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Jul 23, 2018







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Dead Cross, Dead Cross (Ipecac Recordings)




Kent Miller Quartet, Minor Step (Tnek Jazz Records)

This is the newest project from jazz upright bassist Miller, a 59-year-old who was a private student of Duke Ellington fixture Wendell Marshall, which led to a slot with the George Hudson Big Band. This is a great one if you’re in need of something that ups the ante from espresso-bar-chill, as Miller does keep a loose grip on the reins of his personnel, starting with drummer Greg Holloway’s enthusiastic but polite-enough solo in album opener “Work Out,” an appropriately titled hard-bop whiz-banger written by the underreported ’60s sax pro Hank Moberly. Miller proceeds to cut loose himself on the next track, a redo of Paul Chambers’ “Visitation,” and, again, it’s a show of skill rather a simple-minded interruption. The title track shows up after that, an original tune that keeps its knuckleball trapeze-act rhythm securely suspended mid-air through Darius Scott’s firm grip on the acoustic piano. Wes Montgomery’s busy “SOS” sounds like it must have been a nightmare to eke out in the studio, but it feels as effortless as anything else here. Miller’s leadership is terrific everywhere you drop the needle. A+ Eric W. Saeger




Dead Cross, Dead Cross (Ipecac Recordings)
CD Reviews: August 31, 2017

08/31/17
By Eric Saeger news@hippopress.com



Dead Cross, Dead Cross (Ipecac Recordings)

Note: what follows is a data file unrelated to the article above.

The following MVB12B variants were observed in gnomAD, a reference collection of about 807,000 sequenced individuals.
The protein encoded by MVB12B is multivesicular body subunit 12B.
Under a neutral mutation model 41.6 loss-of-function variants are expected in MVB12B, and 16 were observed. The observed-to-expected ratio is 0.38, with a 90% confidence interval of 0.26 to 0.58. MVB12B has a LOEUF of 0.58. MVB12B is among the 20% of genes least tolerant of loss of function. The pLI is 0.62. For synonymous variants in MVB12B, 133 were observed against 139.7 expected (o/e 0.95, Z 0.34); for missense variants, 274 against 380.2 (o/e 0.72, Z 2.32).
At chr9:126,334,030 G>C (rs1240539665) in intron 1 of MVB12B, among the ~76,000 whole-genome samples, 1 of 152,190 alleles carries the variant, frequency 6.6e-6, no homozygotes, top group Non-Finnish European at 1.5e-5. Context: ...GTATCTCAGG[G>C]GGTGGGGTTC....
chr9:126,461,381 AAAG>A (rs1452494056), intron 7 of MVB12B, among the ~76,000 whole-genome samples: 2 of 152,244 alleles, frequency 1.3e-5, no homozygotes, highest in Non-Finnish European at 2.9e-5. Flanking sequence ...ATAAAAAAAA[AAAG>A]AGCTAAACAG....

I won’t say this record heralds an entirely new genre, but the debut from this somewhat-supergroup definitely sets a high bar for unabashed-punk oi-metal, at least for this generation. Led by Faith No More’s Mike Patton and ex-Slayer drummer Dave Lombardo, this bunch really, really wants people to break stuff, leveraging a preaching-to-the-choir lyrical approach based around the Trump-hysteria noise, bolting Slayer sounds directly onto top-prime 1970s punk, and letting Lombardo jack the drums until they, too, want to break stuff. Patton wasn’t keen on doing this, so they say, but he fits right in, leaving the phony Cookie Monster vocal nonsense by the stoop and switching back and forth from several different “singing” methods, from Jello Biafra to Misfits to Tom Araya. Yes, this all adds up to your basic Exploited album, but Lombardo’s effort breaks the mold — just imagine all those years of laying down the percussion hammer for Slayer and then teaming that guy with Patton, whose genius is indisputable, on a 100-percent hardcore trip. Plus a cover of “Bela Lugosi’s Dead?” A no-brainer. A Eric W. Saeger





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